• Nickeil Alexander-Walker has become an unlikely X-factor for the Wolves, writes Andrew Lopez of ESPN. The former first-round pick was traded three times in quick succession but has turned into a defensive stopper and a leader for Minnesota, Lopez notes.
  • Jim Souhan of The Star Tribune argues that if the Wolves are eliminated by the Nuggets, they shouldn’t blow up the big man pairing of Towns and Gobert. Souhan also says the team should replace Kyle Anderson with another three-point shooter to improve the offense, which has been the primary issue over the past three games.

Mike Conley Ruled Out For Game 5

Timberwolves point guard Mike Conley won’t play in Game 5 against the Nuggets tonight due to right Achilles soreness, the team’s PR department tweets. Nickeil Alexander-Walker has been inserted into the lineup in Conley’s place.

Conley was injured during the final minute of Game 4. He was downgraded to questionable earlier in the day and, after testing out the ailment prior to the game, it was determined that he wasn’t healthy enough to play.

The veteran point guard has averaged 10.8 points and 7.8 assists per game during the series. Alexander-Walker is averaging 6.8 PPG off the bench against Denver but had three double-digit scoring games against Phoenix in the opening round.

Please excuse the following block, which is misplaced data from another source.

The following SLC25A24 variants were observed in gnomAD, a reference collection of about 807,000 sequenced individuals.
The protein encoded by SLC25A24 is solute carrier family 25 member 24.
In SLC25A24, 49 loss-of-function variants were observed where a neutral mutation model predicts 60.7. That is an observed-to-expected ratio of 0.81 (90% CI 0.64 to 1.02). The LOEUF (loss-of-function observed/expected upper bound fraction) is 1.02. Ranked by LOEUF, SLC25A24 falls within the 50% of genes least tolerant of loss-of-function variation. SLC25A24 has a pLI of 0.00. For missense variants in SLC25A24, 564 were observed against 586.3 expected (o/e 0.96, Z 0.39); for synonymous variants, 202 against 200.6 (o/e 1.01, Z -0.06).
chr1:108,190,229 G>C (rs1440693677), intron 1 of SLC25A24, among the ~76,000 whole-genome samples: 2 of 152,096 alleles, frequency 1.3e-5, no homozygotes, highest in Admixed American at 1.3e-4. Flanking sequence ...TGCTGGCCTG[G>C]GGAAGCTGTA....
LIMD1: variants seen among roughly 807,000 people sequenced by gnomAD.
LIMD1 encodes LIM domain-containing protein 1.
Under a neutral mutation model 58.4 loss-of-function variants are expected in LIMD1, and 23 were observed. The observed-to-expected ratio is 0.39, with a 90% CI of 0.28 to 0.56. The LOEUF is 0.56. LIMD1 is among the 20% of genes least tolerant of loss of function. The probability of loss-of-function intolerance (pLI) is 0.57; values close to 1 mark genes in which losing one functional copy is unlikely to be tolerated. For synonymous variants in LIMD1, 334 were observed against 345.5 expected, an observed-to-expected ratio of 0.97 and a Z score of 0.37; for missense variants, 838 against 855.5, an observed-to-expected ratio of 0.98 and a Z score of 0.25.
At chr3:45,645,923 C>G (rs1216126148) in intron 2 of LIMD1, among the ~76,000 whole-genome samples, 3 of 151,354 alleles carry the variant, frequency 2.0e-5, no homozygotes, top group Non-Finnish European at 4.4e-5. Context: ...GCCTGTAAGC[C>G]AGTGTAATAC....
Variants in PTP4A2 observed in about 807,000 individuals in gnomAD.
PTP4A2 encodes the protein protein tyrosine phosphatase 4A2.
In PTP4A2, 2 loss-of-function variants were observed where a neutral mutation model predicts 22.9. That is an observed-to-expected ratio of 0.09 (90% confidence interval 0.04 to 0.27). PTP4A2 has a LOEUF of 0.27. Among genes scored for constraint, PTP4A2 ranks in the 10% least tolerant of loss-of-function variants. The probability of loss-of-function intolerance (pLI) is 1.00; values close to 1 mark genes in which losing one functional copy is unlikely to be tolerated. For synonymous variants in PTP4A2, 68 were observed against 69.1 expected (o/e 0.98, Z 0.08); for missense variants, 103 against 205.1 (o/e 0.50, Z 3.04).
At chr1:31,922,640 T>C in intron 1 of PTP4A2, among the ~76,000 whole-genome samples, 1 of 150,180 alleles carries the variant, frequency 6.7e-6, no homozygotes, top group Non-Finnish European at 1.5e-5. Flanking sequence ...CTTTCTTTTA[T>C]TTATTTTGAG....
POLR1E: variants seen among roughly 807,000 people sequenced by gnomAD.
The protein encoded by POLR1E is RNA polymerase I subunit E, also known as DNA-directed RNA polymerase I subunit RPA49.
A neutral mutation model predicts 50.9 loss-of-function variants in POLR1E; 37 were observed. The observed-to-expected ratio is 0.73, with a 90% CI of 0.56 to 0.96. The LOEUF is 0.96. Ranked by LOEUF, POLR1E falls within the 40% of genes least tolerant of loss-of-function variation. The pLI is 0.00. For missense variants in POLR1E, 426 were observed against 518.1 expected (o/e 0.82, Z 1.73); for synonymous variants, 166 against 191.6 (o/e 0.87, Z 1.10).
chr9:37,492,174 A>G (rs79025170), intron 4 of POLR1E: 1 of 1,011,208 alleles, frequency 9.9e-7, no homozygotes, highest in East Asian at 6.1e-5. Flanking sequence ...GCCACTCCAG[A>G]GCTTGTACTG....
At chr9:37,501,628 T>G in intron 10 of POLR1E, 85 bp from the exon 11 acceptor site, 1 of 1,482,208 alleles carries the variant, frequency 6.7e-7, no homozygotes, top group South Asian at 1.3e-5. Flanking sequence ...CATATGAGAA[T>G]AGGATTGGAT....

Nuggets point guard Jamal Murray, who was listed as questionable due to a calf injury, will play.

Northwest Notes: Alexander-Walker, Nuggets/Wolves Series, Brogdon

Timberwolves wing Nickeil Alexander-Walker injured his shoulder in Game 3 against the Nuggets, according to The Star Tribune’s Chris Hine (Twitter link). He appeared to have trouble taking off his jersey after the game.

Right now, it hurts,” Alexander-Walker told reporters on Friday night. “We’ll see what happens tomorrow when I wake up and everything’s settled.

Initially seen as something of a throw-in in the trade that sent Mike Conley to Minnesota, Alexander-Walker has emerged as one of the most important rotation pieces for the Wolves. In his fifth NBA season, Alexander-Walker is continuing to establish himself as a reliable defender and averaged 8.0 points and 2.5 assists per game off the bench this season. We’ll have to wait for more updates to get a sense of whether or not he’ll have to miss time.

We have more from the Northwest Division:

  • After looking out of sorts in the first two games of the series, the Nuggets stormed back to blow out the Timberwolves on Minnesota’s home court in Game 3. According to The Athletic’s John Hollinger, poor screening and offensive pace negatively affected their defense, allowing Denver to fall into a 2-0 hole. Behind Nikola Jokic‘s 24 points, 14 rebounds, nine assists, three blocks and three steals, the Nuggets have made the matchup a series once again.
  • Head coach Michael Malone tested the Nuggets‘ belief in themselves following their Game 2 blowout loss, The Athletic’s Tony Jones writes. After Monday’s blowout loss, Malone challenged his players to not run from what happened, but to confront why they lost — he also showed his team a series of video clips of NBA analysts declaring Denver’s season over. Additionally, Malone changed up the sets and the rotations, with Jokic and Jamal Murray playing nearly the entire game. Reserve wing Justin Holiday has become a key part of this series, hitting six three-pointers in his last two games. All of this culminated in the Nuggets‘ best performance this postseason.